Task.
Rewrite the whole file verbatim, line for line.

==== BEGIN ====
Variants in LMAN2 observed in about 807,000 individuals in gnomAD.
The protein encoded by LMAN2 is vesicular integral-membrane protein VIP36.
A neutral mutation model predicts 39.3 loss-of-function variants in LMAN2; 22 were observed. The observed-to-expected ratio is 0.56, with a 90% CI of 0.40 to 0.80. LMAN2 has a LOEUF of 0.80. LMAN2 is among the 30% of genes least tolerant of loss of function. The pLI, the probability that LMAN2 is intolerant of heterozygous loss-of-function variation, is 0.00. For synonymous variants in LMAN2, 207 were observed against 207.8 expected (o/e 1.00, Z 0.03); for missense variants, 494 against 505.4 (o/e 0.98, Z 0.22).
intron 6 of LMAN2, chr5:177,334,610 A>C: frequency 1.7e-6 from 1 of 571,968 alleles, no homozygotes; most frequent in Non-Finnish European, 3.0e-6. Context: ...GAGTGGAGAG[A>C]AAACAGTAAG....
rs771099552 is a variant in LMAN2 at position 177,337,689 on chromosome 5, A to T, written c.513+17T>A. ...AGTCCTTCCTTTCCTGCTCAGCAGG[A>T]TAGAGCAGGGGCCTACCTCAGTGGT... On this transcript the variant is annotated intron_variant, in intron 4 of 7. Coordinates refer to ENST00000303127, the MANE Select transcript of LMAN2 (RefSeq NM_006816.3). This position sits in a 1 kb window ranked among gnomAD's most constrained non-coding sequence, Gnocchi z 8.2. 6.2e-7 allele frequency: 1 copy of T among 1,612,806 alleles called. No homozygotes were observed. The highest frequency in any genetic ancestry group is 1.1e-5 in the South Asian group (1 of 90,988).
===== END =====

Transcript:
Variants in LMAN2 observed in about 807,000 individuals in gnomAD.
The protein encoded by LMAN2 is vesicular integral-membrane protein VIP36.
A neutral mutation model predicts 39.3 loss-of-function variants in LMAN2; 22 were observed. The observed-to-expected ratio is 0.56, with a 90% CI of 0.40 to 0.80. LMAN2 has a LOEUF of 0.80. LMAN2 is among the 30% of genes least tolerant of loss of function. The pLI, the probability that LMAN2 is intolerant of heterozygous loss-of-function variation, is 0.00. For synonymous variants in LMAN2, 207 were observed against 207.8 expected (o/e 1.00, Z 0.03); for missense variants, 494 against 505.4 (o/e 0.98, Z 0.22).
intron 6 of LMAN2, chr5:177,334,610 A>C: frequency 1.7e-6 from 1 of 571,968 alleles, no homozygotes; most frequent in Non-Finnish European, 3.0e-6. Context: ...GAGTGGAGAG[A>C]AAACAGTAAG....
rs771099552 is a variant in LMAN2 at position 177,337,689 on chromosome 5, A to T, written c.513+17T>A. ...AGTCCTTCCTTTCCTGCTCAGCAGG[A>T]TAGAGCAGGGGCCTACCTCAGTGGT... On this transcript the variant is annotated intron_variant, in intron 4 of 7. Coordinates refer to ENST00000303127, the MANE Select transcript of LMAN2 (RefSeq NM_006816.3). This position sits in a 1 kb window ranked among gnomAD's most constrained non-coding sequence, Gnocchi z 8.2. 6.2e-7 allele frequency: 1 copy of T among 1,612,806 alleles called. No homozygotes were observed. The highest frequency in any genetic ancestry group is 1.1e-5 in the South Asian group (1 of 90,988).